The world that prolific poet, art critic and man-about-New York Yau (Crossing Canal Street) creates in his first collection of short fiction is not a happy or comfortable place. Through different first-person narrators in each of 13 stories, Yau portrays a sadomasochistic brother, an exhibitionist, suburban Boston cockroaches and crazy ladies, Lower East Side heroin addicts and prostitutes. The narrators share very strong yet raw powers of observation, ambiguous racial status and positions outside conventional manners and laws. The title story about a couple visiting Hawaii is perhaps the most subtle and effective. While confronting the limits of their ability to communicate with each other, the two happen upon a surreal imitation cowboy town that becomes a metaphor for the strangeness in their relationship. Yau's prose is somewhat less experimental than his poetry, has a certain deadpan sensibility whether he's being plain (``A hundred and forty dollars, seven crisp twenties'') or perverse (``I guess it's one thing to sleep with a dog, and another thing to sleep with a guy dressed up like a dog''). But even humorous moments (like when a New York cabbie takes the liberty to tell one narrator ``There's no Chinese left in you'') are cast in loneliness. Throughout, there is a self-consciousness about the difficulty and boundlessness of fiction, as well as an implied glorification of those living off the proverbial beaten path. (Feb.)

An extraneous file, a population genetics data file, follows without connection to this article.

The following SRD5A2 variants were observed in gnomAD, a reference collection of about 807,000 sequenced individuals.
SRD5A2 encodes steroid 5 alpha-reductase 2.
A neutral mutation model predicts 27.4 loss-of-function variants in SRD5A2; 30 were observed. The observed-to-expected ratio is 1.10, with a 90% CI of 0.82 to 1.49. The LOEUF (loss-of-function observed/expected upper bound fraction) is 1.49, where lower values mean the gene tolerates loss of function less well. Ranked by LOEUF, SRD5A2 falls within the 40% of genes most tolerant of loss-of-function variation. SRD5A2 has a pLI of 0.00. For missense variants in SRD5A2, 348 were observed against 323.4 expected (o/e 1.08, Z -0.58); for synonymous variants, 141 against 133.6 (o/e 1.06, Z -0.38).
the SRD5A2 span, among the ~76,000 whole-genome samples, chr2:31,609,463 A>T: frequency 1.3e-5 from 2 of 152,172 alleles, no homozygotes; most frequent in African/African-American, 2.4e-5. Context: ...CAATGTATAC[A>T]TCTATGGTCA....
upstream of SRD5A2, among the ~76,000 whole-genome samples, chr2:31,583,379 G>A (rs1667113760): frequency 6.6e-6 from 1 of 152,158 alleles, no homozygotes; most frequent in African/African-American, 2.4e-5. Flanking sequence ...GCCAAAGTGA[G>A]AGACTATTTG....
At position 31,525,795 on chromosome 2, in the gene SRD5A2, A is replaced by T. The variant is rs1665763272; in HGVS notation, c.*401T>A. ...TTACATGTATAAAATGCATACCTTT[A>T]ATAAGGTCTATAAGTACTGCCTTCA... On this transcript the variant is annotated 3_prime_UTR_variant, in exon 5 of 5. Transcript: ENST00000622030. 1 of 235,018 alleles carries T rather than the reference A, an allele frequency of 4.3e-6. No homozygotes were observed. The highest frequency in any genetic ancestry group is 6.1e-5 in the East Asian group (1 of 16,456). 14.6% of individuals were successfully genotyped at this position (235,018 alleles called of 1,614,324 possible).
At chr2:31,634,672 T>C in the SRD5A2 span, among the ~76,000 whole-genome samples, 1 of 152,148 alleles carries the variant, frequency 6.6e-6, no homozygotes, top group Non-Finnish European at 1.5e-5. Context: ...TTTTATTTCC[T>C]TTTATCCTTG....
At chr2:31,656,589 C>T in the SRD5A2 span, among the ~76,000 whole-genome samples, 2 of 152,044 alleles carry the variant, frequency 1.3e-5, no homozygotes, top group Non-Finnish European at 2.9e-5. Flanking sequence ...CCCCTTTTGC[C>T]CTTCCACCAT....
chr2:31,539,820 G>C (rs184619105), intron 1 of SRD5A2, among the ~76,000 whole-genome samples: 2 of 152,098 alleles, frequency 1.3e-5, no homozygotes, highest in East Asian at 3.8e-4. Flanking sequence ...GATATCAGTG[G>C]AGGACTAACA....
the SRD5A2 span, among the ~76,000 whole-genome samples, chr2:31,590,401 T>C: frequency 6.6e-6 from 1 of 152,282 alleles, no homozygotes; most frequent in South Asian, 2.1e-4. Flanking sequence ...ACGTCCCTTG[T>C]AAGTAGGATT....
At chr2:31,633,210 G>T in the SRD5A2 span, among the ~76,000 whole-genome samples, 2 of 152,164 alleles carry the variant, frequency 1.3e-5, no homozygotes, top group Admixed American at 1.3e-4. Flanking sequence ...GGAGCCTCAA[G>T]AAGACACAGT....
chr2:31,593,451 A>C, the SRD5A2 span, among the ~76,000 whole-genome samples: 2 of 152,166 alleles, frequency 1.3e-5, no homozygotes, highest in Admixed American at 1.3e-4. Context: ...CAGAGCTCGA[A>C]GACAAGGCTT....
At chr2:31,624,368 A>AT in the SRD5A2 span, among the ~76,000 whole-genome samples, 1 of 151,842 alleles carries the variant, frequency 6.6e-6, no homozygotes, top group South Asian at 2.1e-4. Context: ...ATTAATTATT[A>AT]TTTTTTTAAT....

Art critic and creative writing instructor Yau (In the Realm of Appearances: The Art of Andy Warhol, LJ 9/1/93) has written an intriguing collection of 13 short stories, most seen here for the first time. The majority of the stories are set in Manhattan, often in seedy bars. The main characters are a variety of young men of mixed Asian-European descent. As a character in "A Little Momento from the Boys" sums them up, "We spend our nights characterizing ourselves in derogatory terms. It is the only defense we know." In the title story, a man of Chinese-Dutch descent describes his elation when he is mistaken for a local while vacationing in Hawaii; he is surprised because he usually doesn't fit in anywhere. These characters living on the fringes of society will not be considered sympathetic by everyone, but their stories are recommended for large fiction collections.-Debbie Bogenschutz, Cincinnati Technical Coll.